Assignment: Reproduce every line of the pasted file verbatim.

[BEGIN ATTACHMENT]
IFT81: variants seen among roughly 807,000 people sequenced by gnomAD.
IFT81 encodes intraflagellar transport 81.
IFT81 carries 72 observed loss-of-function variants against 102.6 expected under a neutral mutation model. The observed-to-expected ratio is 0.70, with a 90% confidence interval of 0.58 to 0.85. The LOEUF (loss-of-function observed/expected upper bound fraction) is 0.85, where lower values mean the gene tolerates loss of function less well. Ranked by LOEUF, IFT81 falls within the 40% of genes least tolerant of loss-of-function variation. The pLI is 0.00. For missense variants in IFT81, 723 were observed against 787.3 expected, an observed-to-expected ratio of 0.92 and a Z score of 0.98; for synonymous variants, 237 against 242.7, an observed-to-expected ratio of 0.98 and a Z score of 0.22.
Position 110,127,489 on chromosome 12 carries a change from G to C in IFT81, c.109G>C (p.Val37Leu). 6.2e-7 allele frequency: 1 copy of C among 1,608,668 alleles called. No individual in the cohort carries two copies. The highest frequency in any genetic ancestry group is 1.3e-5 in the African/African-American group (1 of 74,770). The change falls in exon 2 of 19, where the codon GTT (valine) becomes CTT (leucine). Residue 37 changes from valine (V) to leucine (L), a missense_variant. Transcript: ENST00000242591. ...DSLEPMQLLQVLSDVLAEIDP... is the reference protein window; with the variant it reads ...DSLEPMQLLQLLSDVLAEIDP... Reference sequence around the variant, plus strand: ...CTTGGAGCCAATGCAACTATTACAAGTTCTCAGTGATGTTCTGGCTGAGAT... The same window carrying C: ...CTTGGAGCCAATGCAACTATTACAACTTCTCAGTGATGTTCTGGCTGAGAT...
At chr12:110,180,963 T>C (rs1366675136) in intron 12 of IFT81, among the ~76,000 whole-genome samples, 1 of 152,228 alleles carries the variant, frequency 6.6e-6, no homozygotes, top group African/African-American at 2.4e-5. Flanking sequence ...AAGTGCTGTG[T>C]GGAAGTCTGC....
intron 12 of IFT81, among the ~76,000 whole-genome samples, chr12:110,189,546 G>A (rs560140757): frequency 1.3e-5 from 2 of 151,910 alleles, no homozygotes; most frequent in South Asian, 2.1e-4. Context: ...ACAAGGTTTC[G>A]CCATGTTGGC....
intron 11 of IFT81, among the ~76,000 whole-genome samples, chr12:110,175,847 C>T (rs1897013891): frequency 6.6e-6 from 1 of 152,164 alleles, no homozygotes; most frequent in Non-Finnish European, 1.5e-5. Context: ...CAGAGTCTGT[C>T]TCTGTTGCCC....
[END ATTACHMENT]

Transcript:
IFT81: variants seen among roughly 807,000 people sequenced by gnomAD.
IFT81 encodes intraflagellar transport 81.
IFT81 carries 72 observed loss-of-function variants against 102.6 expected under a neutral mutation model. The observed-to-expected ratio is 0.70, with a 90% confidence interval of 0.58 to 0.85. The LOEUF (loss-of-function observed/expected upper bound fraction) is 0.85, where lower values mean the gene tolerates loss of function less well. Ranked by LOEUF, IFT81 falls within the 40% of genes least tolerant of loss-of-function variation. The pLI is 0.00. For missense variants in IFT81, 723 were observed against 787.3 expected, an observed-to-expected ratio of 0.92 and a Z score of 0.98; for synonymous variants, 237 against 242.7, an observed-to-expected ratio of 0.98 and a Z score of 0.22.
Position 110,127,489 on chromosome 12 carries a change from G to C in IFT81, c.109G>C (p.Val37Leu). 6.2e-7 allele frequency: 1 copy of C among 1,608,668 alleles called. No individual in the cohort carries two copies. The highest frequency in any genetic ancestry group is 1.3e-5 in the African/African-American group (1 of 74,770). The change falls in exon 2 of 19, where the codon GTT (valine) becomes CTT (leucine). Residue 37 changes from valine (V) to leucine (L), a missense_variant. Transcript: ENST00000242591. ...DSLEPMQLLQVLSDVLAEIDP... is the reference protein window; with the variant it reads ...DSLEPMQLLQLLSDVLAEIDP... Reference sequence around the variant, plus strand: ...CTTGGAGCCAATGCAACTATTACAAGTTCTCAGTGATGTTCTGGCTGAGAT... The same window carrying C: ...CTTGGAGCCAATGCAACTATTACAACTTCTCAGTGATGTTCTGGCTGAGAT...
At chr12:110,180,963 T>C (rs1366675136) in intron 12 of IFT81, among the ~76,000 whole-genome samples, 1 of 152,228 alleles carries the variant, frequency 6.6e-6, no homozygotes, top group African/African-American at 2.4e-5. Flanking sequence ...AAGTGCTGTG[T>C]GGAAGTCTGC....
intron 12 of IFT81, among the ~76,000 whole-genome samples, chr12:110,189,546 G>A (rs560140757): frequency 1.3e-5 from 2 of 151,910 alleles, no homozygotes; most frequent in South Asian, 2.1e-4. Context: ...ACAAGGTTTC[G>A]CCATGTTGGC....
intron 11 of IFT81, among the ~76,000 whole-genome samples, chr12:110,175,847 C>T (rs1897013891): frequency 6.6e-6 from 1 of 152,164 alleles, no homozygotes; most frequent in Non-Finnish European, 1.5e-5. Context: ...CAGAGTCTGT[C>T]TCTGTTGCCC....